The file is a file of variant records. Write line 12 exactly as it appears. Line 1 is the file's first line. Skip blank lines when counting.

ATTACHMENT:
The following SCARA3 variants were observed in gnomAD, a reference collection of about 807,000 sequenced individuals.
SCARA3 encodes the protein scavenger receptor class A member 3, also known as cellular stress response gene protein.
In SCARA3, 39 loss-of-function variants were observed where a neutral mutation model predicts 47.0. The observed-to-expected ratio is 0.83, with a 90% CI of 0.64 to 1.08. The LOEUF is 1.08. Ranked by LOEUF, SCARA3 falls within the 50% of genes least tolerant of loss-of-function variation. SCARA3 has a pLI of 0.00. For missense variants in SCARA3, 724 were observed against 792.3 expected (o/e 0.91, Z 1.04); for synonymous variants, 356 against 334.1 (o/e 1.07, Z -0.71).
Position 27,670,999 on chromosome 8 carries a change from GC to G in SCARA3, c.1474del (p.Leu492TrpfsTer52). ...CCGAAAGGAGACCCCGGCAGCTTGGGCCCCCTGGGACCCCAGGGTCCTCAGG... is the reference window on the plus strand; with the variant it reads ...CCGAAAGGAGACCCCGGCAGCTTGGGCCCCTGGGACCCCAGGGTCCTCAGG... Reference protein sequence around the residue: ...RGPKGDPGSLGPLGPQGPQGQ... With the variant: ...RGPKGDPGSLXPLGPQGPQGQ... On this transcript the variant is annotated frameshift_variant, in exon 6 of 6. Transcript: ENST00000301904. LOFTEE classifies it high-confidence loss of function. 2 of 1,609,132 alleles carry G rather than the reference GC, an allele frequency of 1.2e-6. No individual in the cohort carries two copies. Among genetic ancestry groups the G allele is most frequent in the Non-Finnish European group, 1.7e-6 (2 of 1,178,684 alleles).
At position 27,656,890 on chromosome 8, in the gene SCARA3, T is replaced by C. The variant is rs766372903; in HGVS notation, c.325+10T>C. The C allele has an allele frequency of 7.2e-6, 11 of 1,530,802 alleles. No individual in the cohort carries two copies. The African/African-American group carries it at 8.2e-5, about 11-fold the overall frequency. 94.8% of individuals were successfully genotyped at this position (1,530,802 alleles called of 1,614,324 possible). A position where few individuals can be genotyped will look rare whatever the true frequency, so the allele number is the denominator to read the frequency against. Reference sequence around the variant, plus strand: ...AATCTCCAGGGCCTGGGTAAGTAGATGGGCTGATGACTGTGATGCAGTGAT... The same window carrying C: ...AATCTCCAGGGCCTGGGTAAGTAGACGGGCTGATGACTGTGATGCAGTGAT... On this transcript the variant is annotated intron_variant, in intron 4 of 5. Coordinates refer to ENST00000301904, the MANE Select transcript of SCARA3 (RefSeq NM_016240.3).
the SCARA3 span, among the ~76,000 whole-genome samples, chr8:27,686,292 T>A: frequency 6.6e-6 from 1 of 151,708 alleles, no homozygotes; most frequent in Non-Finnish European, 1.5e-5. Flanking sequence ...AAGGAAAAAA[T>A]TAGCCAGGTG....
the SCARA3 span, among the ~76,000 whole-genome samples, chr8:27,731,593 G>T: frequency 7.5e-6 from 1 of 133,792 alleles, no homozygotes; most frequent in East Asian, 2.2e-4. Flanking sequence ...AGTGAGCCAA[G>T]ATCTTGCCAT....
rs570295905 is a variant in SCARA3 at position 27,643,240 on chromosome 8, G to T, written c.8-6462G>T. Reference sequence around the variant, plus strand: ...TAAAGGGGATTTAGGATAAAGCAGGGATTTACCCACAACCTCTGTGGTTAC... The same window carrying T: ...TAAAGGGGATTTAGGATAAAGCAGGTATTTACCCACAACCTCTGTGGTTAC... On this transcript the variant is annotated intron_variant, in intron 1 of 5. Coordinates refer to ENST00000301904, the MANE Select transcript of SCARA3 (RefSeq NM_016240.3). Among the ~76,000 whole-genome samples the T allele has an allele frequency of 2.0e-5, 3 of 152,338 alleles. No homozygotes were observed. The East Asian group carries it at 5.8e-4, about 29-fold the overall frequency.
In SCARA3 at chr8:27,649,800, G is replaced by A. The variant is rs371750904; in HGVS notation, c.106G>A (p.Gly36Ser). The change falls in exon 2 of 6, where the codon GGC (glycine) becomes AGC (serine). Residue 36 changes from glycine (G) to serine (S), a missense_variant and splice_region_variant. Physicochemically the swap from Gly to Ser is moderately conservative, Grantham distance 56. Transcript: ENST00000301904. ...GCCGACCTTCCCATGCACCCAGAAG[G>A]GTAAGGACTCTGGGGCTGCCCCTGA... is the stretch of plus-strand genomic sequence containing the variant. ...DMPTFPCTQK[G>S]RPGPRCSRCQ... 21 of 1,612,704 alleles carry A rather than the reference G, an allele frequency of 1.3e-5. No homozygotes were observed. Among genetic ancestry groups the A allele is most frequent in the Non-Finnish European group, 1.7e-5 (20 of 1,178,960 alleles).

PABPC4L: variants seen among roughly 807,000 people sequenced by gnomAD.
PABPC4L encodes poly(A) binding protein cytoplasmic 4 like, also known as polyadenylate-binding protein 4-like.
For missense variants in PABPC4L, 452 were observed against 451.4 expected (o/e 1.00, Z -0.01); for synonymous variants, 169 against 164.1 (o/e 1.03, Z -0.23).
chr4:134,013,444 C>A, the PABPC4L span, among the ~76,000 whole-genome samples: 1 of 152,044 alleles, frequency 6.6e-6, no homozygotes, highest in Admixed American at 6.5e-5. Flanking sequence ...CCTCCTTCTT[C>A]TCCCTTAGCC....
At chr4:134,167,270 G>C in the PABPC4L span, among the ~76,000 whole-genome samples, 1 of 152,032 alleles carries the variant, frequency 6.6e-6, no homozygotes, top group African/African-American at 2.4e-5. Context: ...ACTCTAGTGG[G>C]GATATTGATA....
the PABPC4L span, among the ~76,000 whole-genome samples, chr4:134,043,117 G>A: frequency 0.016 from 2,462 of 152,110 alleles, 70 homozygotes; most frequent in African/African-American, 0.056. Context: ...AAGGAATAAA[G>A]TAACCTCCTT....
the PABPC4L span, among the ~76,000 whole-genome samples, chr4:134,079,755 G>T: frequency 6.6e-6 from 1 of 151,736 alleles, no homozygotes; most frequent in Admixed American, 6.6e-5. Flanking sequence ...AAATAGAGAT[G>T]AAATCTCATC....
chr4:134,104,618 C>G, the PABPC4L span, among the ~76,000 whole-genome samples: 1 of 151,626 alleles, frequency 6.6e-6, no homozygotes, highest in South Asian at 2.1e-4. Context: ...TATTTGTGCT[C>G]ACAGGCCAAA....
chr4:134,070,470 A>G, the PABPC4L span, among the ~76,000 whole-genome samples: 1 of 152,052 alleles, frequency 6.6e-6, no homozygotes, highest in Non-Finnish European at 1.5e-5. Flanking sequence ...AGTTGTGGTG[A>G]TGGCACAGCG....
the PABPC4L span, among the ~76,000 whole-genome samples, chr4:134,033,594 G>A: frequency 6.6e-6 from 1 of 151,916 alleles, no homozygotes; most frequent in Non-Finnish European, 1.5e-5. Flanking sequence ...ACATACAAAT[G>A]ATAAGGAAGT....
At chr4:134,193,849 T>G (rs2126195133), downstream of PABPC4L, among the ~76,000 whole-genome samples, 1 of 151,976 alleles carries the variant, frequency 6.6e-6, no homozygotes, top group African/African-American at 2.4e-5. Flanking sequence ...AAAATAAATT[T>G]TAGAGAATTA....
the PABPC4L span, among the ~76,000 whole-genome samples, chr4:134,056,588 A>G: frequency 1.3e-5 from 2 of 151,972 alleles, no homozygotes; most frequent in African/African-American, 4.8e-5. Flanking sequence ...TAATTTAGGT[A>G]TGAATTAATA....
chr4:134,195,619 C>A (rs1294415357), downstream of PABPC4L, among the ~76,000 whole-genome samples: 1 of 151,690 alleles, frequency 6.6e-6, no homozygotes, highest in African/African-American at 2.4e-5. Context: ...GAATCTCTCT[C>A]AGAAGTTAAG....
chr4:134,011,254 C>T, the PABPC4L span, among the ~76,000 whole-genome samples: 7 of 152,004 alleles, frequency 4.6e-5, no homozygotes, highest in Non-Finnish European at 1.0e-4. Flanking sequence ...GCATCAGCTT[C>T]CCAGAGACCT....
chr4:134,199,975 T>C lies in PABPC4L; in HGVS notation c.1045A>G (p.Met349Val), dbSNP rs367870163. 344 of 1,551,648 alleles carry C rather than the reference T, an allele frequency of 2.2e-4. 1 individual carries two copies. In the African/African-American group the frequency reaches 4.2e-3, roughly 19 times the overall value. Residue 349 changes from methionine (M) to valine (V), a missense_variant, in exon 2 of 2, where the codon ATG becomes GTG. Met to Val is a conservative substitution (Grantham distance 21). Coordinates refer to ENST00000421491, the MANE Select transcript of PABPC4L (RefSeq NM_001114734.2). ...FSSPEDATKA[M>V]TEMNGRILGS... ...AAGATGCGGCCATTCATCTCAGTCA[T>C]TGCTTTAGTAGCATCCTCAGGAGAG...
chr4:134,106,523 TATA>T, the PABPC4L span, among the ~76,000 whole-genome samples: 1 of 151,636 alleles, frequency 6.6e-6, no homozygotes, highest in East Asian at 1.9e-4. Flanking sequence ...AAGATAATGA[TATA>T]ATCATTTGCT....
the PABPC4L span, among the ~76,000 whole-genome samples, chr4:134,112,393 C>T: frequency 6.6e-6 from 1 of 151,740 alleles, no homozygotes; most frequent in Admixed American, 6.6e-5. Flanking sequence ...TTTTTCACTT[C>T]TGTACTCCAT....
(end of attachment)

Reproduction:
For missense variants in PABPC4L, 452 were observed against 451.4 expected (o/e 1.00, Z -0.01); for synonymous variants, 169 against 164.1 (o/e 1.03, Z -0.23).